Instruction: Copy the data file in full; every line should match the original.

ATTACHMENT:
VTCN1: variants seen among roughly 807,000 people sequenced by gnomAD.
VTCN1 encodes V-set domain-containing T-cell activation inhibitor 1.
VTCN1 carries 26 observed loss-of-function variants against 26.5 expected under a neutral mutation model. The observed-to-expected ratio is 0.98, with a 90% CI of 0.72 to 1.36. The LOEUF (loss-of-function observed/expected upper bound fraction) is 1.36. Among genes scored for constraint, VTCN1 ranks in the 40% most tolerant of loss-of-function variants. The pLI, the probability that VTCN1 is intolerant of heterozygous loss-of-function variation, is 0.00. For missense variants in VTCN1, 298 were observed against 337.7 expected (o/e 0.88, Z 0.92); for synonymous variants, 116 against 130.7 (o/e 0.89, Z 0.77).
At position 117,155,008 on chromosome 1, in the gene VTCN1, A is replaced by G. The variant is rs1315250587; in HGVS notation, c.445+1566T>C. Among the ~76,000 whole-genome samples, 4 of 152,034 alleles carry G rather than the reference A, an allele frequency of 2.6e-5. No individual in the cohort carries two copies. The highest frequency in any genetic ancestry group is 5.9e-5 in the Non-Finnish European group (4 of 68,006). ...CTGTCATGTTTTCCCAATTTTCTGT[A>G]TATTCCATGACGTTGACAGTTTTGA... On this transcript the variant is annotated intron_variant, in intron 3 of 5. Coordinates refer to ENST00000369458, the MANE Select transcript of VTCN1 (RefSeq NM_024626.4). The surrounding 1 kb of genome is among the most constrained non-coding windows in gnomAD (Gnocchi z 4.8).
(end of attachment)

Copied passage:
VTCN1: variants seen among roughly 807,000 people sequenced by gnomAD.
VTCN1 encodes V-set domain-containing T-cell activation inhibitor 1.
VTCN1 carries 26 observed loss-of-function variants against 26.5 expected under a neutral mutation model. The observed-to-expected ratio is 0.98, with a 90% CI of 0.72 to 1.36. The LOEUF (loss-of-function observed/expected upper bound fraction) is 1.36. Among genes scored for constraint, VTCN1 ranks in the 40% most tolerant of loss-of-function variants. The pLI, the probability that VTCN1 is intolerant of heterozygous loss-of-function variation, is 0.00. For missense variants in VTCN1, 298 were observed against 337.7 expected (o/e 0.88, Z 0.92); for synonymous variants, 116 against 130.7 (o/e 0.89, Z 0.77).
At position 117,155,008 on chromosome 1, in the gene VTCN1, A is replaced by G. The variant is rs1315250587; in HGVS notation, c.445+1566T>C. Among the ~76,000 whole-genome samples, 4 of 152,034 alleles carry G rather than the reference A, an allele frequency of 2.6e-5. No individual in the cohort carries two copies. The highest frequency in any genetic ancestry group is 5.9e-5 in the Non-Finnish European group (4 of 68,006). ...CTGTCATGTTTTCCCAATTTTCTGT[A>G]TATTCCATGACGTTGACAGTTTTGA... On this transcript the variant is annotated intron_variant, in intron 3 of 5. Coordinates refer to ENST00000369458, the MANE Select transcript of VTCN1 (RefSeq NM_024626.4). The surrounding 1 kb of genome is among the most constrained non-coding windows in gnomAD (Gnocchi z 4.8).